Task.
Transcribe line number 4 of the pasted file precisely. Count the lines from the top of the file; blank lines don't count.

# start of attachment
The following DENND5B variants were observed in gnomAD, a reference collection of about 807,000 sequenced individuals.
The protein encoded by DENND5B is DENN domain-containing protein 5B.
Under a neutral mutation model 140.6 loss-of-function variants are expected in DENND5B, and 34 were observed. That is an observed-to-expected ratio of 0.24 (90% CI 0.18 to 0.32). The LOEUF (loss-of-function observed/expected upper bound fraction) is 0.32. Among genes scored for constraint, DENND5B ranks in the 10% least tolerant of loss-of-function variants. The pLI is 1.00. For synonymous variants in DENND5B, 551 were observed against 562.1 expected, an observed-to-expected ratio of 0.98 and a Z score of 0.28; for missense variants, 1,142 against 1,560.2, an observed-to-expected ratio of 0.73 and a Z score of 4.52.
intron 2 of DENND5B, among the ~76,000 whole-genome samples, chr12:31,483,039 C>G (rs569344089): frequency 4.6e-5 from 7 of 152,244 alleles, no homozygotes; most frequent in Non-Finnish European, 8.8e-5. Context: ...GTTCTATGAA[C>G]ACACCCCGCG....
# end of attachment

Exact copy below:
intron 2 of DENND5B, among the ~76,000 whole-genome samples, chr12:31,483,039 C>G (rs569344089): frequency 4.6e-5 from 7 of 152,244 alleles, no homozygotes; most frequent in Non-Finnish European, 8.8e-5. Context: ...GTTCTATGAA[C>G]ACACCCCGCG....